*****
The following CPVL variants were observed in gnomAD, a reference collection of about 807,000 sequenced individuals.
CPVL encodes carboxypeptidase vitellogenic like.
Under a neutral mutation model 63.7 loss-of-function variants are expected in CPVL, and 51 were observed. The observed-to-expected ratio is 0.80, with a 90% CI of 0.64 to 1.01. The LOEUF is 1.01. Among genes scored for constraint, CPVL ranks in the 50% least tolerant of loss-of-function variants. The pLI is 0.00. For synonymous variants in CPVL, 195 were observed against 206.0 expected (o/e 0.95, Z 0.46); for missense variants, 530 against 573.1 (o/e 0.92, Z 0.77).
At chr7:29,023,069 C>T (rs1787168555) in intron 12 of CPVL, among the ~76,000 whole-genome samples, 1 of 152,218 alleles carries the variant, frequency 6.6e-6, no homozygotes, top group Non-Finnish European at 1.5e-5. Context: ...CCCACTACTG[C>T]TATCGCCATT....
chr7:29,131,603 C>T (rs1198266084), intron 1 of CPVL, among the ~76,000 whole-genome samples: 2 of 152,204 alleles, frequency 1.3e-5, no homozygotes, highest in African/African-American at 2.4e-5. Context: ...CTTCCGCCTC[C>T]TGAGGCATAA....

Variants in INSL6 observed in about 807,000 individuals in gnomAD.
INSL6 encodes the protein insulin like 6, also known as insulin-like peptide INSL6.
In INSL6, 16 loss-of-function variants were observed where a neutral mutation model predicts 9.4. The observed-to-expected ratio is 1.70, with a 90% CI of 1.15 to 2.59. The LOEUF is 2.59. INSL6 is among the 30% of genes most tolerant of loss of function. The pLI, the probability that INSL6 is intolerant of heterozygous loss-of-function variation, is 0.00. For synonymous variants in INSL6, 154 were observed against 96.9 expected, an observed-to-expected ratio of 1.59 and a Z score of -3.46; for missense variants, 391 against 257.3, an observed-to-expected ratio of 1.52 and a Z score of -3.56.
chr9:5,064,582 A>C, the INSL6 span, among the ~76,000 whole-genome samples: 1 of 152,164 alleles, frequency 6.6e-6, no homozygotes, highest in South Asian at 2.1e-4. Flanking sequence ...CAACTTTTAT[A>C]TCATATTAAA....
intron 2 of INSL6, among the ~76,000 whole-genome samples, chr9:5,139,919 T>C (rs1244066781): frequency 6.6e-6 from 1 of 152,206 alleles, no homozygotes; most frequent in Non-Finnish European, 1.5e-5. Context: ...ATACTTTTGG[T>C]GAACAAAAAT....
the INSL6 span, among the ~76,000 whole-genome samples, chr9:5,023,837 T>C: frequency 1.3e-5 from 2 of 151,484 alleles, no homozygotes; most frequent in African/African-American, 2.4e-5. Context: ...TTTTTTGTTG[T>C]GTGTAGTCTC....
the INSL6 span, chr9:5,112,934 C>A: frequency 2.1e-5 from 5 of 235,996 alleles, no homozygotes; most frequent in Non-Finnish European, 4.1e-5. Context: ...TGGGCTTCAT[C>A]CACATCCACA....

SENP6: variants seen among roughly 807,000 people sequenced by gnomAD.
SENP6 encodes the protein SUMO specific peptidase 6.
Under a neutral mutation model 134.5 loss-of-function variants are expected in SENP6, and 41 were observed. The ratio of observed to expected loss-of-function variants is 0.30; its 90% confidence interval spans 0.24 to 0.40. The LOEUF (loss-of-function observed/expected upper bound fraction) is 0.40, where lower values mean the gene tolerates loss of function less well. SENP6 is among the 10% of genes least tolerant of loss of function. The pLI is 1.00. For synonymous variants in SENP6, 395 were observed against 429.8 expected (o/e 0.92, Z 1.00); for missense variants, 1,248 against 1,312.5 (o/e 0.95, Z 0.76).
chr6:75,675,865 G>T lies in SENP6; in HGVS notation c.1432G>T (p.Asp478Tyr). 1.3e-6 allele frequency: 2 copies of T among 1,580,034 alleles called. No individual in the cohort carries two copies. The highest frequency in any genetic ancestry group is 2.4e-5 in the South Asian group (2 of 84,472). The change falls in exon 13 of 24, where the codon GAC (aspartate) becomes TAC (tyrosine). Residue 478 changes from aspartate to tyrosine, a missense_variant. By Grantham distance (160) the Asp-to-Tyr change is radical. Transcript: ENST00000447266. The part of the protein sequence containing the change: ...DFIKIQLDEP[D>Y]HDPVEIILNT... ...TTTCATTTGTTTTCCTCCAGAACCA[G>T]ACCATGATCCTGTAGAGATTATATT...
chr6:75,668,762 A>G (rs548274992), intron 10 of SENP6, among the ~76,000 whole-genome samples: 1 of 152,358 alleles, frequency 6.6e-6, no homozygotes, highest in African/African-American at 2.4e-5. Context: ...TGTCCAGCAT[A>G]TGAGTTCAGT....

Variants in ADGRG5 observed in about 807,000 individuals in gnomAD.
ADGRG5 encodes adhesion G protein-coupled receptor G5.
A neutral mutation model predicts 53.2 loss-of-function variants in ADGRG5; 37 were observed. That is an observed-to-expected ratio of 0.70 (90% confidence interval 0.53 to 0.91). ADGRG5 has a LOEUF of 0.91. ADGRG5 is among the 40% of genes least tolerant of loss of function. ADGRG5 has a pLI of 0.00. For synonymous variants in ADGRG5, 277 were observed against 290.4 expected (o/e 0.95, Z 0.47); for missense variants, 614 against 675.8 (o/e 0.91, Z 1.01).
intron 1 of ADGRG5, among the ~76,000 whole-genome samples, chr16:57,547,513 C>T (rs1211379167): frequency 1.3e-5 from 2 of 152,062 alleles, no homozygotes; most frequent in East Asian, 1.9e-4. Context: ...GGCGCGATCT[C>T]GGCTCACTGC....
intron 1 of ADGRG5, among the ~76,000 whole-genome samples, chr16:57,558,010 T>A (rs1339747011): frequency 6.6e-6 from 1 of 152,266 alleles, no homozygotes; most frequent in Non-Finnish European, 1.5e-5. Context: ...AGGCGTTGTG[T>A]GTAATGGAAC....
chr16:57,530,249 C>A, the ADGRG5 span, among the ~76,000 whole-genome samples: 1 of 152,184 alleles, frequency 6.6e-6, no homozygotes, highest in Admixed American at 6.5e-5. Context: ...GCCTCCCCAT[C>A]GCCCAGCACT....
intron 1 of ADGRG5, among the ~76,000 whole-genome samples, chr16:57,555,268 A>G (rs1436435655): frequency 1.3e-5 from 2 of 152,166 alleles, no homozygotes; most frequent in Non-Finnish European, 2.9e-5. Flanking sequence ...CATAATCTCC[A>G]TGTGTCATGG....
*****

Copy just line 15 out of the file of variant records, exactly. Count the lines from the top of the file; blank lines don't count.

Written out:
Under a neutral mutation model 134.5 loss-of-function variants are expected in SENP6, and 41 were observed. The ratio of observed to expected loss-of-function variants is 0.30; its 90% confidence interval spans 0.24 to 0.40. The LOEUF (loss-of-function observed/expected upper bound fraction) is 0.40, where lower values mean the gene tolerates loss of function less well. SENP6 is among the 10% of genes least tolerant of loss of function. The pLI is 1.00. For synonymous variants in SENP6, 395 were observed against 429.8 expected (o/e 0.92, Z 1.00); for missense variants, 1,248 against 1,312.5 (o/e 0.95, Z 0.76).